We talked with the motorsports models, one of whom says Japan’s situation is unique compared to the rest of the world.

Formula 1 recently made the announcement that for the upcoming 2018 season, it will be doing away with “grid girls,” female models who have traditionally accompanied drivers to their cars before the start of the race. “While the practice of employing grid girls has been a staple of Formula 1 Grands Prix for decades, we feel this custom does not resonate with our brand values and clearly is at odds with modern-day societal norms,” the organization stated. “We don’t believe the practice is appropriate or relevant to Formula 1 and its fans, old and new, across the world.”

Japan has long been enthusiastically unabashed about pairing attractive women with fast cars for promotional purposes, so much so that there’s an entire sub-section of the modeling industry for “race queens,” as they’re called in the local vernacular. Race queens differ slightly from grid girls, in that instead of being contracted for one race at a single venue, they’re employed by a specific motorsports team and accompany the rest of the group as they travel to various circuits throughout the season, and also represent the team by modeling at conventions and fan events.

Our Japanese-language reporter P.K. Sanjun recently sat down with Ms. A, who’s currently employed as a race queen, and Ms. B, a former race queen, to get their take on F1’s decision.

SN24: Jumping right into it, how do you feel about the abolishment of grid girls in Formula 1?

Ms. B: Well, I can see where the decision is coming from in terms of overseas venues. Motorsports themselves are very popular overseas, and F1 is popular as a pure motorsport. So I don’t think abolishing grid girls will have a negative effect on the sport.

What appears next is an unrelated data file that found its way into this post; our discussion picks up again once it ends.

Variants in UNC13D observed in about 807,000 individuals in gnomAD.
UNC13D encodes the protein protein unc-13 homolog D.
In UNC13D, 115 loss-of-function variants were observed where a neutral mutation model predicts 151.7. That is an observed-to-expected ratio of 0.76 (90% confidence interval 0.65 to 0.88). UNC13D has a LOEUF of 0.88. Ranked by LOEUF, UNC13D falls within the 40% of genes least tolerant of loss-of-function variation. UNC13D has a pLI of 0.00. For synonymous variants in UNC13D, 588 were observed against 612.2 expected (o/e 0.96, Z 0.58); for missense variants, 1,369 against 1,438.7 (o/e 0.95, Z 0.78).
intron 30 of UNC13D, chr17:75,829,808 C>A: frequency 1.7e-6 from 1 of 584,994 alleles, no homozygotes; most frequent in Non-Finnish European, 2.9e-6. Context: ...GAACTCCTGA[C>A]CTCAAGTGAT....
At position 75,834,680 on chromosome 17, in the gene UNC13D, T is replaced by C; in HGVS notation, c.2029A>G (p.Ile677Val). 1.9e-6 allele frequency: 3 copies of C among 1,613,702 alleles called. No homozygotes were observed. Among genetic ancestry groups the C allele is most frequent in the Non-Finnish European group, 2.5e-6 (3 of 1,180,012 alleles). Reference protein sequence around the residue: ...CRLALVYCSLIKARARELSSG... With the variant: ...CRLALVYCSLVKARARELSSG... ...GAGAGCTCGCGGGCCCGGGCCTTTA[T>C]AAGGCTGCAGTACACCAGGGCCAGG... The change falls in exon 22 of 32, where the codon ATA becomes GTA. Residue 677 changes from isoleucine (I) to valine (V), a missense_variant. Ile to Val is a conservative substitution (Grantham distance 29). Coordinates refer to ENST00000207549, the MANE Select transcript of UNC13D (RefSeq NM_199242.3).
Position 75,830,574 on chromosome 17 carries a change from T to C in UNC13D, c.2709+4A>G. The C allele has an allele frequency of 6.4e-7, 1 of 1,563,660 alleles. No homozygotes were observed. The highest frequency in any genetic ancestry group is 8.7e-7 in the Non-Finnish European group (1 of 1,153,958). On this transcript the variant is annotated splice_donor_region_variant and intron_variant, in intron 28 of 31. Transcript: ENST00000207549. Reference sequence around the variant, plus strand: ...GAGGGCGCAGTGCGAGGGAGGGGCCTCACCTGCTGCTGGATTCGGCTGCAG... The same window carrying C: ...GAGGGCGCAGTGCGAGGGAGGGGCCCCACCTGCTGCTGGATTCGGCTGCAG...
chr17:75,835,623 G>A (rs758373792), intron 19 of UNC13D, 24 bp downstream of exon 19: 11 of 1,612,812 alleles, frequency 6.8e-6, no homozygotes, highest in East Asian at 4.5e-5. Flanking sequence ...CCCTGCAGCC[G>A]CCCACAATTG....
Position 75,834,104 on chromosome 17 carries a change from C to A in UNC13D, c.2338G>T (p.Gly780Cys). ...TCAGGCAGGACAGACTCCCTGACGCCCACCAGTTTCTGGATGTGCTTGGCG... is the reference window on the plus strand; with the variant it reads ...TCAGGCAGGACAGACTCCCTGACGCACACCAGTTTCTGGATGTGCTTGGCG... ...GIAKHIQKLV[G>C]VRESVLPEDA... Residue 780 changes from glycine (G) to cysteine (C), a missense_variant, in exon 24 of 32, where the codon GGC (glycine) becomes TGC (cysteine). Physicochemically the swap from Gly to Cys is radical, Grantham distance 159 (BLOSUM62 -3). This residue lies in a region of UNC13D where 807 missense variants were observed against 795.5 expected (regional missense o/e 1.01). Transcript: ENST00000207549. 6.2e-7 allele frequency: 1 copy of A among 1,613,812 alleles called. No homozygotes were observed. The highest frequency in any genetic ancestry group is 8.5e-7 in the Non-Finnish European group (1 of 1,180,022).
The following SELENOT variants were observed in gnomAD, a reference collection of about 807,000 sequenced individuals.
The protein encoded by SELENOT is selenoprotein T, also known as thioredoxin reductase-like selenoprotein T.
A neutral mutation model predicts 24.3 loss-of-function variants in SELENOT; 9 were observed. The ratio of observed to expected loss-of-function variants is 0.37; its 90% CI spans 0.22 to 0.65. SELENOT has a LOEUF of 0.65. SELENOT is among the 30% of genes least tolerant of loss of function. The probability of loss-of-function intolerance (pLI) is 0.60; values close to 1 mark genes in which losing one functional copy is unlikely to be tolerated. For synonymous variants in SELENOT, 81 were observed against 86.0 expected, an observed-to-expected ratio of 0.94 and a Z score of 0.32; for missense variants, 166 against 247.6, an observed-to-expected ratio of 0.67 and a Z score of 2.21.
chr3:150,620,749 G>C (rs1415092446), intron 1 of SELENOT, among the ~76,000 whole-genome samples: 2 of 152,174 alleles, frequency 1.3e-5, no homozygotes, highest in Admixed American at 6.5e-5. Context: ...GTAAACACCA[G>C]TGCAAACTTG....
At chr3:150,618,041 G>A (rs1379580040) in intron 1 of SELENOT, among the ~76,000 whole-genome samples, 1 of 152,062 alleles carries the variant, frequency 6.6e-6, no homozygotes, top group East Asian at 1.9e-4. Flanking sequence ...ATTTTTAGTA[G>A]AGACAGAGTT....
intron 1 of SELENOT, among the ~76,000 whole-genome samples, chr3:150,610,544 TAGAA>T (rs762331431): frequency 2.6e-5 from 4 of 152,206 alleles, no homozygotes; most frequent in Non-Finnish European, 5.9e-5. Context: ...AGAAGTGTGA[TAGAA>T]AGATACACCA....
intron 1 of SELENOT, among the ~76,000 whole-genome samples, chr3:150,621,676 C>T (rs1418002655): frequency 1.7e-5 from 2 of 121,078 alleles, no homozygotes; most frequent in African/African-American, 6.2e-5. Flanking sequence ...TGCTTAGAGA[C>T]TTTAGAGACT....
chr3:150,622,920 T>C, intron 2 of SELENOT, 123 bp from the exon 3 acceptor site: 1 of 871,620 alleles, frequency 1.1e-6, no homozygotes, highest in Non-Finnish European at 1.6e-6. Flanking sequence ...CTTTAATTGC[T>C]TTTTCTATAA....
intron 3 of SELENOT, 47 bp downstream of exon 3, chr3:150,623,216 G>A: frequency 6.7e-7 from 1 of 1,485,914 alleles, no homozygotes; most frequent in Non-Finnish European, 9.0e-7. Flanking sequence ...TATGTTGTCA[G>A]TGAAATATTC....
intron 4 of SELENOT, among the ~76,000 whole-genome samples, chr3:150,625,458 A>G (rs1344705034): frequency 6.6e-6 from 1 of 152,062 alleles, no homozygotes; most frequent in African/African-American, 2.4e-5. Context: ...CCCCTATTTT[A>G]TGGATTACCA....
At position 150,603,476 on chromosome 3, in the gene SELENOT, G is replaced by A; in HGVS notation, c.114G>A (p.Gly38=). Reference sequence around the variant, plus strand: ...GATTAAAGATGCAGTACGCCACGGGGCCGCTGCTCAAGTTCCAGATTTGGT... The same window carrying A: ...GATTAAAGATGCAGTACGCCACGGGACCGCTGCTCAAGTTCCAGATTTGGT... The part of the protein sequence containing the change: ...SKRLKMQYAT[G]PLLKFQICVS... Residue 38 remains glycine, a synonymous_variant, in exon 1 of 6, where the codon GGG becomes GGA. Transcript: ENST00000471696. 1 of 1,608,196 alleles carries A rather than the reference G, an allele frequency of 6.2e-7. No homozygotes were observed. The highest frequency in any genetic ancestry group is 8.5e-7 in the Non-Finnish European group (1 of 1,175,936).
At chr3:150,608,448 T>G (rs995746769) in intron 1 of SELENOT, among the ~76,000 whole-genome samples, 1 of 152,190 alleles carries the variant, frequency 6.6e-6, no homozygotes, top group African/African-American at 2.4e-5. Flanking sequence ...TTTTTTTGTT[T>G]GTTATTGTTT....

SN24: So do you think the situation is different for Japan?

Ms. B: I think it probably is. In Japan, there’s an inseparable connection between grid girls, or race queens, and F1. There’s a large proportion of attendees whose primary reason for coming out to the circuit on the day of the race is to see them.

SN24: It’s true that at the circuit, there’s always a crowd of fans with fancy cameras taking pictures of them.

Ms. A: Even if their initial reason for coming out is to see the race queens, a lot of them go home with a deeper appreciation of and enjoyment for F1 racing, so I think it’d be a shame to lose that.

SN24: By the way, how does one become a race queen? If you apply for a position as one, is it pretty easy to get the job?

Ms. B: Not at all! The entry barrier to becoming a race queen is really, really high.

Ms. A: Each team selects a certain number of race queens every year. What makes it tough is that the contract is only for one year, so you have to audition again every year.

SN24: Wow, that sounds really difficult. About how many applicants do you compete with?

Ms. A: It depends on the team, but usually you end up with about 50 applicants for every one or two openings.

Ms. B: It’s really competitive. And race queens can’t get by with just an attractive face. They’re looking for someone whose build, physical health, posing, and posture are all high-level, so at the auditions they’re extremely strict.

For women working as convention and event spokesmodels, being a race queen is in a way their ultimate goal on that path. A lot of women get into that field of modeling because they want to eventually become race queens.

SN24: So working as a convention spokesmodel is kind of like training?

Ms. A: There are lots of different events where models work, but for example, at big conventions like the Auto Salon and Tokyo Motor Show, there’s a lot of competition. And then that pool gets narrowed down even more as for who becomes race queens.

Ms. B: When I first started out doing convention modeling, I wanted to become a race queen someday. I don’t think there’s a single woman in Japan working as a race queen who dislikes the idea of what she’s doing. The people protesting the use of models in motorsports aren’t giving those women anything else to do, so I’d be genuinely sad if race queens were to be abolished.

The 2018 Formula 1 season kicks off March 25 with the Australian grand prix, and makes its way to Japan’s Suzuka Circuit on October 7.

Reference: Formula 1
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